Sheila continued with her update, “We have, though, pretty much identified Asia’s abductors. She was sent their images to her phone this afternoon. She identified them as the guys who assaulted her. The names of her alleged kidnappers are Kinsey Nesbitt and Talbot J. Patterson. Their families have been notified of the charges against them and were shocked. Both of their wives had no clue that they were still here in Silver Lake. They were supposed to be buying seed in Texas by now. Both women were very upset and agreed to speak to reporters from KANU and plead over our media for them to turn themselves in without a fight.

“Horrified is the word I would use to describe both women’s reactions. Mrs. Talbot burst into tears. I doubt if they know anything about their husbands’ activities here, which are still alleged, anyway.”

Chico frowned and commented, “They must be camping out or using cash and false names locally.”

“After the KANU news broadcast tonight, they won’t be staying anywhere in the public where they could be recognized.”

“They could be sleeping in empty cabins. There’s enough of them. They seem to have some knowledge of the town. Like when they stuck Asia in Petris’s old shack.”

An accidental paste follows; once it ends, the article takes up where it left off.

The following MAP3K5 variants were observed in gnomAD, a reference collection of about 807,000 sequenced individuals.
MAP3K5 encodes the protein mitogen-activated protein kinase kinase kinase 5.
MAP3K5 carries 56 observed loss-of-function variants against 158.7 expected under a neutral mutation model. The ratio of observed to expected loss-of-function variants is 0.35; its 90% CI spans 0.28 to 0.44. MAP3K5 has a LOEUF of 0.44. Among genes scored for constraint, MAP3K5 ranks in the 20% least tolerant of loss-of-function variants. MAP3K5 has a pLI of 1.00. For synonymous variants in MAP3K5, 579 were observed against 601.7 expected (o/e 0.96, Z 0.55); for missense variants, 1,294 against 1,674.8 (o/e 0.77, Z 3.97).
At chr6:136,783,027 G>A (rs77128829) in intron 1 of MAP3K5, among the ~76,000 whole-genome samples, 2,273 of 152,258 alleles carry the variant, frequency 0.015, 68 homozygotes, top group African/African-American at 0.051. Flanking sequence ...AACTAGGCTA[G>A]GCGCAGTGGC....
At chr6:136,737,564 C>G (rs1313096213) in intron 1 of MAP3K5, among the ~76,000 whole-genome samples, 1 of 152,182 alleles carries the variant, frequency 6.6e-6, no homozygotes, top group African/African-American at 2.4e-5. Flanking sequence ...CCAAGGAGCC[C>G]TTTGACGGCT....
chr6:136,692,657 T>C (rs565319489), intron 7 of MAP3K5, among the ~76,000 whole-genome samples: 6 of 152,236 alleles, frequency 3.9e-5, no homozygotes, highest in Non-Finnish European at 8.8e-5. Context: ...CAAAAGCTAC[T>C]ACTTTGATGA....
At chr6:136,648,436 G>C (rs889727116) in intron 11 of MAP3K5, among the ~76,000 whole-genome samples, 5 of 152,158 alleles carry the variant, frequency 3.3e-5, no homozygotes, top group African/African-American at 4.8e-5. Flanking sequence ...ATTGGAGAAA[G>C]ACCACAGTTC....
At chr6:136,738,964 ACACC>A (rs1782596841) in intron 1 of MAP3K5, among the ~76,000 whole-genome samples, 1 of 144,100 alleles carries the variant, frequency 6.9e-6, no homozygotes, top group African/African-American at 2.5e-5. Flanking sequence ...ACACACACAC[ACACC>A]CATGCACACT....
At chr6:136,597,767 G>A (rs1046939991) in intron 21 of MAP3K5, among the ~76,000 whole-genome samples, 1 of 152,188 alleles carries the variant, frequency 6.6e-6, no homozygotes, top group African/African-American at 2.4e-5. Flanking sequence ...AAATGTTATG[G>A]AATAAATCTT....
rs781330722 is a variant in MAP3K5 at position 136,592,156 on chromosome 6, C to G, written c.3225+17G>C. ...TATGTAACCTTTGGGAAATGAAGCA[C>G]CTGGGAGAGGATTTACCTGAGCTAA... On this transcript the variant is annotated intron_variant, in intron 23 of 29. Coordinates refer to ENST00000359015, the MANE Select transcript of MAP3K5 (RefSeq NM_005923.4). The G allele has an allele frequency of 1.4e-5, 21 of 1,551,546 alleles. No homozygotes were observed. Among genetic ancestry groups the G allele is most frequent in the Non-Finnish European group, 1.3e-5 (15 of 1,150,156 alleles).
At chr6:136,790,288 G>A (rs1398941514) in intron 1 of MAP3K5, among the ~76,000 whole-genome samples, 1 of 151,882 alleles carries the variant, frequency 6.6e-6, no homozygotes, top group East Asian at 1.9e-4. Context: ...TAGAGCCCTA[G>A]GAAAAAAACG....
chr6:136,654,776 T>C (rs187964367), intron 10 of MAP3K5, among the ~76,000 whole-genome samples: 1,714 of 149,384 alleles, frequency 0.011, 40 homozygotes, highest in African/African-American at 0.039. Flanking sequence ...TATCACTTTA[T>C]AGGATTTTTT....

“True. But they still have to come into town for supplies. We need to use Niño and our dogs – even Zucchini – to try and track them down.”

“Sounds about right, sweetie. Just hold that door,” said Chico.

He rolled the stainless wood crib into the warm, dry light of the kitchen. He had built another small fire in the wood cook stove there and had baked two pans of bran and blueberry muffins. The space was filled with their fragrance.

Sheila exclaimed, “Oh, honey! Marry me!

Chico looked at her with mock surprise and flashed a dimple. “I thought we were married.”

Sheila answered him with a kiss in his ear, “Yeah, lover, since that back yard ceremony we had in 4th grade.”

“Wasn’t that good enough?”

“Always has been.”

Chico grabbed Sheila by the waist and swung her around to face him after parking the wood crib. “No, really, honey. We need to think about our timeline for starting a family.”

Sheila put her head in her favorite place – on top of Chico’s heart. “We can get serious about that when you or I make Chief. I want that kind of salary for the future of our children.”

“That will probably be you. I’ll be a patrolman forever. There is freedom in the humble beat cop routine.”

“You’re right, my hard-working public servant,” said Sheila. The two sweethearts kissed in front of the arms of the flickering warmth of the firelight.

The back door banged shut rudely and the two of them startled and laughed. Sheila drew her service weapon and aimed over the arm of their over-stuffed couch (where they had landed in each other’s arms, locked in the kiss.)

“Damn,” she said. “I forgot to lock the door.”

“Forgivable,” said Chico.

“But stupidly dangerous right now,” answered Sheila with a frustrated sigh.

“It’s only me,” called Cisco. “Ya’all’d better learn to latch this here door, unless ya’all want to be frahed and fricasseed by our local most wanted.”

“Don’t worry, Cisco. I’ve got my revolver on your ass. I could kill you right now.”